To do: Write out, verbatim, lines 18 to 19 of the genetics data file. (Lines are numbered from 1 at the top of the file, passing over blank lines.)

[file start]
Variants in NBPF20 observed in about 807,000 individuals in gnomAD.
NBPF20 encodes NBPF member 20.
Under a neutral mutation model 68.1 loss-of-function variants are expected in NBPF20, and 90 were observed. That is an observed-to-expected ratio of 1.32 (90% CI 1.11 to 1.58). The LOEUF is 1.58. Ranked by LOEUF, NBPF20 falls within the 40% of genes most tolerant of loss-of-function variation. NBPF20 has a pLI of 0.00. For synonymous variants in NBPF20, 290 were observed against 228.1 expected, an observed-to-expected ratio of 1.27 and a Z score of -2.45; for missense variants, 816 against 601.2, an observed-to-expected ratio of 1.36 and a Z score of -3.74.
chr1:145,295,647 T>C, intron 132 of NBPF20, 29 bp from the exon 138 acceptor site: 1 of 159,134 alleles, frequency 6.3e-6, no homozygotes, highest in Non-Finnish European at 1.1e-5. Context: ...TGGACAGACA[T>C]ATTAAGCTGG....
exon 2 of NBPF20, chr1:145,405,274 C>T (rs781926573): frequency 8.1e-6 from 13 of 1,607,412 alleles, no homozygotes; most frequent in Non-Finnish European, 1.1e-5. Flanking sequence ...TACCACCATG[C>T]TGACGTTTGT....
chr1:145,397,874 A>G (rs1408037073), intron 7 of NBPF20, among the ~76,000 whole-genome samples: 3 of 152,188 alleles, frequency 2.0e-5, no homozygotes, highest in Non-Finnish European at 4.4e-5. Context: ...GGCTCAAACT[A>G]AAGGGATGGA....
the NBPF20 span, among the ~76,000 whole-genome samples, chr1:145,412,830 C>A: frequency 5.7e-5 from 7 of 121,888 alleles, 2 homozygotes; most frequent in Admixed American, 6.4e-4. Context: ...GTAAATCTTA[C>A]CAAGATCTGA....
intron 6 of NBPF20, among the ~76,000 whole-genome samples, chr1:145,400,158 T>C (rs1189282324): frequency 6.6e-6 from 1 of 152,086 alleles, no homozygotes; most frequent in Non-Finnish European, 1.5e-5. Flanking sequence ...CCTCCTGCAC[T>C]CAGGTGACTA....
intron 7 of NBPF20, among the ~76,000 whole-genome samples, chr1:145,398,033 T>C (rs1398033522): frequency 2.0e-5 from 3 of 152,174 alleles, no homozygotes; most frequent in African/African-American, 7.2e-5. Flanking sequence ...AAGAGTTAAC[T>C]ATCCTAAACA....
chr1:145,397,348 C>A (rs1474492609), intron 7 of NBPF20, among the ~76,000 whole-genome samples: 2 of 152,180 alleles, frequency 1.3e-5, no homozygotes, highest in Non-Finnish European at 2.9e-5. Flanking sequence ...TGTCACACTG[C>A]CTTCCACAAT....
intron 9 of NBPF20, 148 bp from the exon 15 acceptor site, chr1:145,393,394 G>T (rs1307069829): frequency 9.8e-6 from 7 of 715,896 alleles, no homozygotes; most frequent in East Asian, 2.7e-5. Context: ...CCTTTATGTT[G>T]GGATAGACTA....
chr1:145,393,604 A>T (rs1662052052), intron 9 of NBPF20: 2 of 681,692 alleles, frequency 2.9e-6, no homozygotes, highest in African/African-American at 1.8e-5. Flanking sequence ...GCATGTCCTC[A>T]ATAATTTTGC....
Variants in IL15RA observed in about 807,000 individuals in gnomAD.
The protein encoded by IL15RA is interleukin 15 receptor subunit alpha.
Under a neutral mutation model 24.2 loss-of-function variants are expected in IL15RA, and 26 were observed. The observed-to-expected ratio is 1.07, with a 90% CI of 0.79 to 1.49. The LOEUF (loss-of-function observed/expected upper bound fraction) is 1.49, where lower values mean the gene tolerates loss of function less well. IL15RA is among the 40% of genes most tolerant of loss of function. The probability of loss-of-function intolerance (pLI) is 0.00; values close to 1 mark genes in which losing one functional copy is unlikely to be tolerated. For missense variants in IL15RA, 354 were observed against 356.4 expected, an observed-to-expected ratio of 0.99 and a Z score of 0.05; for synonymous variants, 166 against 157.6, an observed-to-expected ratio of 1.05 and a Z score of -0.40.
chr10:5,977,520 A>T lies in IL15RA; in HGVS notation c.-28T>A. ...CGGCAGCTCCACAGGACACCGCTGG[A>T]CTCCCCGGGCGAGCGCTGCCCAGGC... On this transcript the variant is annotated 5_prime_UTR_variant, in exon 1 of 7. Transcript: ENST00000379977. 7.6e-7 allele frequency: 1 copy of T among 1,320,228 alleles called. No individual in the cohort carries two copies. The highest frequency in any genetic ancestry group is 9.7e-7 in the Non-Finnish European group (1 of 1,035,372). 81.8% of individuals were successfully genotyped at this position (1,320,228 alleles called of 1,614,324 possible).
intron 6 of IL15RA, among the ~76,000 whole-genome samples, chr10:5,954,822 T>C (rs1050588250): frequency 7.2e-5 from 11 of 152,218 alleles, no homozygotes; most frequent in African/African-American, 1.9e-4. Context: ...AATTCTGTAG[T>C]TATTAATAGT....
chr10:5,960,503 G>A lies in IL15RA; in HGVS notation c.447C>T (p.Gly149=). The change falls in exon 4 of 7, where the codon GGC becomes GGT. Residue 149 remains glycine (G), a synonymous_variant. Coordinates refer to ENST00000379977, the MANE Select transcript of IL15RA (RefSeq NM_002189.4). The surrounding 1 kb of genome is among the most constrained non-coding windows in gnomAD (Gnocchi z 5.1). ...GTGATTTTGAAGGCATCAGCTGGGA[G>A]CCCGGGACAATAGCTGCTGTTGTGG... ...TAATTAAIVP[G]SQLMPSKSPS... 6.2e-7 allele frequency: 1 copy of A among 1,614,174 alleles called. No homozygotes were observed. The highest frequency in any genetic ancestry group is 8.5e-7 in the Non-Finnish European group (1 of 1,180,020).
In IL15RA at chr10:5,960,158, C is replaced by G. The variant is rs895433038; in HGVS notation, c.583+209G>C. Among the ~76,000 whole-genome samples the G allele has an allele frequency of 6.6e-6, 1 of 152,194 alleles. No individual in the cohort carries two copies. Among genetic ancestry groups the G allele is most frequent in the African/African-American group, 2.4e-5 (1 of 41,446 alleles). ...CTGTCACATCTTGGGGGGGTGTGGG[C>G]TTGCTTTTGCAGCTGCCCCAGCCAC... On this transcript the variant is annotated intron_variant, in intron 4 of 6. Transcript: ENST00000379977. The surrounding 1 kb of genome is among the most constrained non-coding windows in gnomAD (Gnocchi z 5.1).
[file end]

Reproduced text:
chr10:5,960,503 G>A lies in IL15RA; in HGVS notation c.447C>T (p.Gly149=). The change falls in exon 4 of 7, where the codon GGC becomes GGT. Residue 149 remains glycine (G), a synonymous_variant. Coordinates refer to ENST00000379977, the MANE Select transcript of IL15RA (RefSeq NM_002189.4). The surrounding 1 kb of genome is among the most constrained non-coding windows in gnomAD (Gnocchi z 5.1). ...GTGATTTTGAAGGCATCAGCTGGGA[G>A]CCCGGGACAATAGCTGCTGTTGTGG... ...TAATTAAIVP[G]SQLMPSKSPS... 6.2e-7 allele frequency: 1 copy of A among 1,614,174 alleles called. No homozygotes were observed. The highest frequency in any genetic ancestry group is 8.5e-7 in the Non-Finnish European group (1 of 1,180,020).
In IL15RA at chr10:5,960,158, C is replaced by G. The variant is rs895433038; in HGVS notation, c.583+209G>C. Among the ~76,000 whole-genome samples the G allele has an allele frequency of 6.6e-6, 1 of 152,194 alleles. No individual in the cohort carries two copies. Among genetic ancestry groups the G allele is most frequent in the African/African-American group, 2.4e-5 (1 of 41,446 alleles). ...CTGTCACATCTTGGGGGGGTGTGGG[C>G]TTGCTTTTGCAGCTGCCCCAGCCAC... On this transcript the variant is annotated intron_variant, in intron 4 of 6. Transcript: ENST00000379977. The surrounding 1 kb of genome is among the most constrained non-coding windows in gnomAD (Gnocchi z 5.1).